Toxic shrub reported in South West

Staff reportersCountryman
Pokeweed has been located in the South West, near Balingup.
Camera IconPokeweed has been located in the South West, near Balingup. Credit: Department of Primary Industries and Regional Development

An invasive and toxic shrub, harmful to livestock and native to the eastern United States, has been located in the South West.

Pokeweed, also known as Phytolacca americana, is an agricultural and environmental weed which is toxic to livestock and people.

Department of Primary Industries and Regional Development officials confirmed the weed had been found at several rural properties and along roadsides, near Balingup.

“Department officers are working with landholders to remove this weed and prevent it from establishing in Western Australia,” department invasive species manager Kay Bailey said.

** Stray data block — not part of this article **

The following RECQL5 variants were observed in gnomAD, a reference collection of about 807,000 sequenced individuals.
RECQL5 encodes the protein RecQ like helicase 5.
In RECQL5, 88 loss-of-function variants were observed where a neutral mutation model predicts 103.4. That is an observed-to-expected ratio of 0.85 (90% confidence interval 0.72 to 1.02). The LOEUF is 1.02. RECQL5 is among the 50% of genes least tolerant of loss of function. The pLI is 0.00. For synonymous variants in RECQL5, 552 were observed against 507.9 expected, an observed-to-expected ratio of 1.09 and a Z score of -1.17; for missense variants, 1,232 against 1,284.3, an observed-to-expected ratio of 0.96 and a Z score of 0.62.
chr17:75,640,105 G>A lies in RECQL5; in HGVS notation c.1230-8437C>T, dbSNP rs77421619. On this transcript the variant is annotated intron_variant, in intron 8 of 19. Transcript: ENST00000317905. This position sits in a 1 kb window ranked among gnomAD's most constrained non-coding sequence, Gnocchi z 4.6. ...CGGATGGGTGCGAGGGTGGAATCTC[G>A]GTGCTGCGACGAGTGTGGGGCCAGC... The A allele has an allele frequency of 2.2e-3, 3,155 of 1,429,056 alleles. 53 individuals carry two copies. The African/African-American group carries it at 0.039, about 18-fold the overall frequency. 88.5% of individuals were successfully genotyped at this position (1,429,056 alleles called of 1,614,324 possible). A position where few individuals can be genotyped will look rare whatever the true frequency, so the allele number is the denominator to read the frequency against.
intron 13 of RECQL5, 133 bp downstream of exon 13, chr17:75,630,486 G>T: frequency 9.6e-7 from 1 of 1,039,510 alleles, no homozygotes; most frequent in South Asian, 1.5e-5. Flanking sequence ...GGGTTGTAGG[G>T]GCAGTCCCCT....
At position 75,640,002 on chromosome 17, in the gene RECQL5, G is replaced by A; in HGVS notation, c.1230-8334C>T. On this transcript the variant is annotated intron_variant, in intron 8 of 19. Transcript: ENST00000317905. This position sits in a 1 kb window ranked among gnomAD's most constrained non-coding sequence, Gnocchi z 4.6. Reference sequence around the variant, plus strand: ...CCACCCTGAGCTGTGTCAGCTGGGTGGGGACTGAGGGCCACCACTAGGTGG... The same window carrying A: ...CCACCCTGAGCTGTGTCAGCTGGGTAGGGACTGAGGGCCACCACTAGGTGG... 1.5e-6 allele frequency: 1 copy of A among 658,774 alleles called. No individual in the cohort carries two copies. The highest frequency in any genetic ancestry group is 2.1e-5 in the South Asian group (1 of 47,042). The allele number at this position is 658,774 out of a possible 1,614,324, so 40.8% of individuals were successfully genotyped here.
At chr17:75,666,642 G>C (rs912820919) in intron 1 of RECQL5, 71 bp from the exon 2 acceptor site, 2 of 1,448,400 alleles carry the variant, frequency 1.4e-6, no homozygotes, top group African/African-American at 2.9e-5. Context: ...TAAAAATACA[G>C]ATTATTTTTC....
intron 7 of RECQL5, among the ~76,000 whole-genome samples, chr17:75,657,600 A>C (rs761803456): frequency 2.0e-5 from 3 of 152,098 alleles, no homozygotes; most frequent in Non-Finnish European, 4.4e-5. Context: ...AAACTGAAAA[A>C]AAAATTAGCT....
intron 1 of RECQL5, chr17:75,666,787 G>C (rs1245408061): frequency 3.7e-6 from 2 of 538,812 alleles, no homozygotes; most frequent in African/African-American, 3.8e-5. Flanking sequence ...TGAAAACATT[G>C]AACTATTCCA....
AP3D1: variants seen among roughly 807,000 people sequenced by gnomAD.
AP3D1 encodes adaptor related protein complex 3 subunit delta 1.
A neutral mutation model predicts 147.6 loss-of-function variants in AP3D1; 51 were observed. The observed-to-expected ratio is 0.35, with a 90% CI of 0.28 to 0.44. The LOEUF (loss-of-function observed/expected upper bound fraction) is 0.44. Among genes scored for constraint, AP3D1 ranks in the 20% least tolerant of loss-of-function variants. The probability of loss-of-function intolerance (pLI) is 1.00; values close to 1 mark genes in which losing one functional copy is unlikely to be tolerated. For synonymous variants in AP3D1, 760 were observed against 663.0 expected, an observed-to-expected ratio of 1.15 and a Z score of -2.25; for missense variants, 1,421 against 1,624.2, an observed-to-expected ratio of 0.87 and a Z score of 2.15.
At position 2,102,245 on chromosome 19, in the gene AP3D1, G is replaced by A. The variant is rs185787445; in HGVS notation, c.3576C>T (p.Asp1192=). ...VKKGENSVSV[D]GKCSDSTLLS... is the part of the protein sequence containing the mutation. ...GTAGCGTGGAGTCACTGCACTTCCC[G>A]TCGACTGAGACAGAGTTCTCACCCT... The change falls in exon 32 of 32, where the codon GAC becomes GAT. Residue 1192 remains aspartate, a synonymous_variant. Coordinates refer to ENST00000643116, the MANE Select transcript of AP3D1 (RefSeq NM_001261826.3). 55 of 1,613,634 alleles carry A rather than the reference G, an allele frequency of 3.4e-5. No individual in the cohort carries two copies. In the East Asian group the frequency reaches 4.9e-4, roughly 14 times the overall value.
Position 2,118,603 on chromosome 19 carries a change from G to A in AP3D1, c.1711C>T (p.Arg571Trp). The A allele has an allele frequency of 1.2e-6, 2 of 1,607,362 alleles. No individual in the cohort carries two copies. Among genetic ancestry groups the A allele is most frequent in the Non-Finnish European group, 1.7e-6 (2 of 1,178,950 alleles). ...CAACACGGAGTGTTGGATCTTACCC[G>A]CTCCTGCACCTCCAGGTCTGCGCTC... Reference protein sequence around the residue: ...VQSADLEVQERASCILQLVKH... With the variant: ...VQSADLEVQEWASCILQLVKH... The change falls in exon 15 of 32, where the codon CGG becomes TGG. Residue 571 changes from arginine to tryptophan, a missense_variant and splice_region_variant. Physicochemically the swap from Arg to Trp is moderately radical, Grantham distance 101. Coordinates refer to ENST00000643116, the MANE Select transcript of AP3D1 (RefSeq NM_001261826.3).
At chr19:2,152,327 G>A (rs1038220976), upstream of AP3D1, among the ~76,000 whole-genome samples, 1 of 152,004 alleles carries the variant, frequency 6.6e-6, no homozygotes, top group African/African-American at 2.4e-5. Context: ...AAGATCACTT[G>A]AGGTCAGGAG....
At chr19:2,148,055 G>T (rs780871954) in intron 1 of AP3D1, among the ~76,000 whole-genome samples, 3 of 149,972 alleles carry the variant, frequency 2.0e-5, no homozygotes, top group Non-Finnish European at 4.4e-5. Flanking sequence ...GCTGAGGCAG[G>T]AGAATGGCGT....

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“Summer is the ideal time for identifying the plant, as it carries distinctive berries and it is important to remove the weed before seed set.

“Everyone can help protect WA from pokeweed, by being alert for the weed and reporting any unusual plants to the department.”

Pokeweed bares similarities to inkweed, a weed found throughout in the South West, but is taller with bigger leaves and with drooping berry stalks.

“It is a large, perennial shrub that grows up to 2.5m tall, with bright green leaves (up to 40cm long) on a smooth purplish stem,” Ms Bailey said.

“White to magenta flowers form in elongated clusters that hang from the branches.

“Deep purple to black berries form in summer and are the most distinctive characteristic of pokeweed.”

Birds can spread the weed by carrying the berries.

Pokeweed is found in Victoria, New South Wales and Queensland, but is not established in Western Australia.

The department encourages people who suspect they have seen pokeweed to report it.

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